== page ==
Ric Burns - Producer.
Ric Burns is an internationally recognized documentary filmmaker and writer, best known for his eight-part, seventeen and a half hour series, New York: A Documentary Film, which premiered nationally on PBS to wide public and critical acclaim when broadcast in November 1999, September 2001, and September 2003.Burns has been writing, directing and producing historical documentaries for nearly 20 years, since his collaboration on the celebrated PBS series The Civil War, (1990), which he produced with his brother Ken and co-wrote with Geoffrey C. Ward. Since founding Steeplechase Films in 1989, he has directed some of the most distinguished programs in the award-winning public television series, American Experience, including Coney Island (1991), The Donner Party (1992), The Way West (1995), and Ansel Adams (2002), a co-production of Steeplechase Films and Sierra Club Productions.

In 2006, Burns released both Eugene O'Neill and Andy Warhol to critical acclaim. The two films garnered 2006-2007 Primetime and News and Documentary Emmy Awards for outstanding writing for non-fiction programming; Andy Warhol also received a 2006 Peabody Broadcasting Award. In 2009, Mr. Burns completed We Shall Remain: Tecumseh's Vision, part two of a five-part history of Native America, followed by the Emmy nominated documentary Into the Deep: America, Whaling & the World in 2010, both of which aired nationally as part of WGBH Boston's American Experience.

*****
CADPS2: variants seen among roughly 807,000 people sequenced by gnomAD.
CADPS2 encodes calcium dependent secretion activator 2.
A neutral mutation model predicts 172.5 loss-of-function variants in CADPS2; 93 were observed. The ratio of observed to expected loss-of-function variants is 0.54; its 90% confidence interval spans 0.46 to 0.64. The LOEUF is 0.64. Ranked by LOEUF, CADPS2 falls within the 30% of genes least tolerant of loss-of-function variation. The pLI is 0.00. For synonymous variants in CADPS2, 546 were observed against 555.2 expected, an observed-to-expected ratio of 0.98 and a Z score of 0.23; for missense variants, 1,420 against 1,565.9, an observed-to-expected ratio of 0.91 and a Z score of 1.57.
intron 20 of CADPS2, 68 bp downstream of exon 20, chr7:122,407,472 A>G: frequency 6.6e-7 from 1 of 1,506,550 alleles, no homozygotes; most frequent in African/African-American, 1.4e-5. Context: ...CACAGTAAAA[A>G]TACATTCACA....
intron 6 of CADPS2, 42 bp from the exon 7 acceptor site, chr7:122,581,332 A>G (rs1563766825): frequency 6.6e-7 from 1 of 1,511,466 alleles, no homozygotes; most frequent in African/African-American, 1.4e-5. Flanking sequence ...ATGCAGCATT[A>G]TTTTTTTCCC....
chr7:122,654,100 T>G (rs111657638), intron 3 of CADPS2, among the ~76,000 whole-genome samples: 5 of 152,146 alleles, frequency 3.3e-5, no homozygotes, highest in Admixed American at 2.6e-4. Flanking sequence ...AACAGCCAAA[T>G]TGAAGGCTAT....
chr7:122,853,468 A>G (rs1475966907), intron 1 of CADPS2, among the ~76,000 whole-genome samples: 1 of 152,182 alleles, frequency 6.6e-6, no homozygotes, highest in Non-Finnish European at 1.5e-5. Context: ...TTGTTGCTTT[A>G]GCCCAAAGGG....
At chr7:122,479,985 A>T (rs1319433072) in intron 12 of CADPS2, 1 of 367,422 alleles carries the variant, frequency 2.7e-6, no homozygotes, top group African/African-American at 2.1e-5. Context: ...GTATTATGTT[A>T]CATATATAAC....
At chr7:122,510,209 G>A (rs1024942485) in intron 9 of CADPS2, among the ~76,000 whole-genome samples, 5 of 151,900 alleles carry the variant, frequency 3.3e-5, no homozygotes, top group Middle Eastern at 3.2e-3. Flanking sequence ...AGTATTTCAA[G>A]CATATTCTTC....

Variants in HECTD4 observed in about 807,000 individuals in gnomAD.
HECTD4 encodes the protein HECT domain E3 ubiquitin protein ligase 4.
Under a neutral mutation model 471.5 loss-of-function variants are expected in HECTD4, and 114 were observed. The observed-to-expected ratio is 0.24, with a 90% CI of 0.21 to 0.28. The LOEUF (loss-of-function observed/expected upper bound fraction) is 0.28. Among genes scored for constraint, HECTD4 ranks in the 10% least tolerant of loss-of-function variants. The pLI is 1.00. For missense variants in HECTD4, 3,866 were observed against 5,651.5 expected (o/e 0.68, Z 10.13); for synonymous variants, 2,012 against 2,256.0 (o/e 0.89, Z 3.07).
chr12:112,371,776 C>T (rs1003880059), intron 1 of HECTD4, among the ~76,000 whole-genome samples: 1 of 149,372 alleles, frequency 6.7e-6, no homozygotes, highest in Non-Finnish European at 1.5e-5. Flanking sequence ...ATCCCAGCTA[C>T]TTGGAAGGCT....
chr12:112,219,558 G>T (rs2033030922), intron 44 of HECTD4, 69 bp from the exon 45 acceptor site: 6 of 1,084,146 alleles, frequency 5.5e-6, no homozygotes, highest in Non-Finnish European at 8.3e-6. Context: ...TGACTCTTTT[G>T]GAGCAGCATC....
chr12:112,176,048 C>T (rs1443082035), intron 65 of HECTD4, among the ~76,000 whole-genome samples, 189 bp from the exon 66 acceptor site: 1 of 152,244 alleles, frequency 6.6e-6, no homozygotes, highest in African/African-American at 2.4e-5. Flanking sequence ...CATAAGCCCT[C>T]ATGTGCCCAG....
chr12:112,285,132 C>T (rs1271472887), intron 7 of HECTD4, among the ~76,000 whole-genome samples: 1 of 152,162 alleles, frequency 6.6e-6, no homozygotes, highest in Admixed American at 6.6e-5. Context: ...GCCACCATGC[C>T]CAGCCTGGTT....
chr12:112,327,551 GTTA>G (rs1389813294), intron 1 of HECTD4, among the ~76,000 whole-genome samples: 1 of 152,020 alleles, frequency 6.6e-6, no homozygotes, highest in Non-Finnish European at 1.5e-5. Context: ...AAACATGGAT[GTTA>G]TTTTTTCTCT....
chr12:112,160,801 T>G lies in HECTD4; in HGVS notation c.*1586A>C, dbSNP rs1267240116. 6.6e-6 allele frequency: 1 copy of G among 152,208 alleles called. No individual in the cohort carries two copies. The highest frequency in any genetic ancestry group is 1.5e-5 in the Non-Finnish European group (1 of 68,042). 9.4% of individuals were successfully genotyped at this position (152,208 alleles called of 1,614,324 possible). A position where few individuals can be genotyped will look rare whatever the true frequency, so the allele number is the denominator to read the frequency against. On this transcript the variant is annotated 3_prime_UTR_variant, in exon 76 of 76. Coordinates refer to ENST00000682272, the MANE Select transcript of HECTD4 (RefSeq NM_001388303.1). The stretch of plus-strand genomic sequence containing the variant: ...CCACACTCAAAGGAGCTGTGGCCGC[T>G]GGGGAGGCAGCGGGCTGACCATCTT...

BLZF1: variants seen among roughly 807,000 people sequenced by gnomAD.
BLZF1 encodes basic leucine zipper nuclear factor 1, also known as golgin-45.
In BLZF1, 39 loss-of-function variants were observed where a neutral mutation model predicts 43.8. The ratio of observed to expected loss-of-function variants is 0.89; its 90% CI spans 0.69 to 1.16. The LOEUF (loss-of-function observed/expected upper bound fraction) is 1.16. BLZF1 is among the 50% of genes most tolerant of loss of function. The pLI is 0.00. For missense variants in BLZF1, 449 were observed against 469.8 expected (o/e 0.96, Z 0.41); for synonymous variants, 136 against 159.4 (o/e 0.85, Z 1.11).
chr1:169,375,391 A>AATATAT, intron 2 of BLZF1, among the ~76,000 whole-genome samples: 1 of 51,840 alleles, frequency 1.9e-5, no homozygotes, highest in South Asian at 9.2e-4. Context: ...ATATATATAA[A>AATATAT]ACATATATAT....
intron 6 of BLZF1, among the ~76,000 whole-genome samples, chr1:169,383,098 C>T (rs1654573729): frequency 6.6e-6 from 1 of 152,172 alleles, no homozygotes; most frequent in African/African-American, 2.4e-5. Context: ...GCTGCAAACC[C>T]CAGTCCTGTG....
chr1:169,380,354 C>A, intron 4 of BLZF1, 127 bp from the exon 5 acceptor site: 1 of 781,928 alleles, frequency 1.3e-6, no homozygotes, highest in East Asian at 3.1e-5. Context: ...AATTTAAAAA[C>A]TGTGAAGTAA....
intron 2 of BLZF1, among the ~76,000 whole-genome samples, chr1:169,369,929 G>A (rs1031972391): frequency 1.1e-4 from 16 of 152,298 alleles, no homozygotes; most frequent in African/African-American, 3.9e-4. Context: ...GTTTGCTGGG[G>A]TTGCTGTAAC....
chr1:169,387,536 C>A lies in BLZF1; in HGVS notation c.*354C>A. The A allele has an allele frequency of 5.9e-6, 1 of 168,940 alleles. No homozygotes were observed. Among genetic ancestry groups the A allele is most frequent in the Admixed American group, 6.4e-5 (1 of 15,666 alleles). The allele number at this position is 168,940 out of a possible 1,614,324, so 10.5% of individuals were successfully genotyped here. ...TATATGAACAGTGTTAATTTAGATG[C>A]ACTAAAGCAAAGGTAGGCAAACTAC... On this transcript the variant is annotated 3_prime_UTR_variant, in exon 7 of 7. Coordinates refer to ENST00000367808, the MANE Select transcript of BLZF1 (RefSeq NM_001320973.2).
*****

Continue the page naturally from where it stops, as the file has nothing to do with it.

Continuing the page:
Mr. Burns most recently finished Death and the Civil War, a film based on the best-selling book This Republic of Suffering: Death and the American Civil War by acclaimed historian and Harvard president Drew Gilpin Faust.


American Masters, THIRTEEN's award-winning biography series, celebrates our arts and culture. Created and launched in 1986 by Susan Lacy, the series set the standard for documentary film profiles, accruing widespread critical acclaim. Awards include 67 Emmy nominations and 26 awards - nine for Outstanding Non-Fiction Series since 1999 and five for Outstanding Non-Fiction Special - 12 Peabody Awards; three Grammys; an Oscar; two Producers Guild Awards for Outstanding Producer of Non-Fiction Television; and the 2012 IDA Award for Best Continuing Series. American Masters enjoys recognition from film events across the country and international festivals from London to Berlin and Toronto to Melbourne.

Other honors include The Christopher Awards and the Chicago International Television Awards as Outstanding Documentary Series, and the Banff Grand Prize and the Television Critics Association Award for Outstanding Movies.

In association with:

Since its founding in 1989 by Ric Burns, Steeplechase Films has produced over 30 hours of award-winning humanities programming for prime-time national broadcast on public television, including Coney Island, The Donner Party, The Way West, New York: a documentary film, Ansel Adams, Eugene O'Neill, Andy Warhol, We Shall Remain: Tecumseh's Vision and Into the Deep: America, Whaling and the World. For these projects Steeplechase Films has garnered thirteen national Emmy nominations, five Emmy awards, three Alfred I. DuPont-Columbia Journalism awards, two George Foster Peabody Awards, and the Erick Barnouw prize from the Organization of American Historians.